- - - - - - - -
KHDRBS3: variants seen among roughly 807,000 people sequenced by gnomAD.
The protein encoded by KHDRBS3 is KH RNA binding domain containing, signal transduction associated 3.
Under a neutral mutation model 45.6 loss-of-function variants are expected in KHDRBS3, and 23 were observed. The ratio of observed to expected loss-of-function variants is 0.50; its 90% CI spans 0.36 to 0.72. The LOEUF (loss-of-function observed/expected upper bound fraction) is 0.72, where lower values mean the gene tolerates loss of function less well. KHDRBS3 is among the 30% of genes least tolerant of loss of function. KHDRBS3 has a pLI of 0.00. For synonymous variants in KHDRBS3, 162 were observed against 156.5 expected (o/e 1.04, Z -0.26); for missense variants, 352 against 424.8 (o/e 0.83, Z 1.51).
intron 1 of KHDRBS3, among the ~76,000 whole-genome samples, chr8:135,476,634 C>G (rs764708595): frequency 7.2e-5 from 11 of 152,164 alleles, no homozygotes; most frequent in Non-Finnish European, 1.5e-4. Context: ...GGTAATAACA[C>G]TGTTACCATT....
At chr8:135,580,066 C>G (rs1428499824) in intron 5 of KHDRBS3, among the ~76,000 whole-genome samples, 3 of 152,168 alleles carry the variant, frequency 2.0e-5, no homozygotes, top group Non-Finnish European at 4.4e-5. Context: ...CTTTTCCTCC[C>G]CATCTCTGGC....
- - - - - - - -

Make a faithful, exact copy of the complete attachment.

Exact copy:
KHDRBS3: variants seen among roughly 807,000 people sequenced by gnomAD.
The protein encoded by KHDRBS3 is KH RNA binding domain containing, signal transduction associated 3.
Under a neutral mutation model 45.6 loss-of-function variants are expected in KHDRBS3, and 23 were observed. The ratio of observed to expected loss-of-function variants is 0.50; its 90% CI spans 0.36 to 0.72. The LOEUF (loss-of-function observed/expected upper bound fraction) is 0.72, where lower values mean the gene tolerates loss of function less well. KHDRBS3 is among the 30% of genes least tolerant of loss of function. KHDRBS3 has a pLI of 0.00. For synonymous variants in KHDRBS3, 162 were observed against 156.5 expected (o/e 1.04, Z -0.26); for missense variants, 352 against 424.8 (o/e 0.83, Z 1.51).
intron 1 of KHDRBS3, among the ~76,000 whole-genome samples, chr8:135,476,634 C>G (rs764708595): frequency 7.2e-5 from 11 of 152,164 alleles, no homozygotes; most frequent in Non-Finnish European, 1.5e-4. Context: ...GGTAATAACA[C>G]TGTTACCATT....
At chr8:135,580,066 C>G (rs1428499824) in intron 5 of KHDRBS3, among the ~76,000 whole-genome samples, 3 of 152,168 alleles carry the variant, frequency 2.0e-5, no homozygotes, top group Non-Finnish European at 4.4e-5. Context: ...CTTTTCCTCC[C>G]CATCTCTGGC....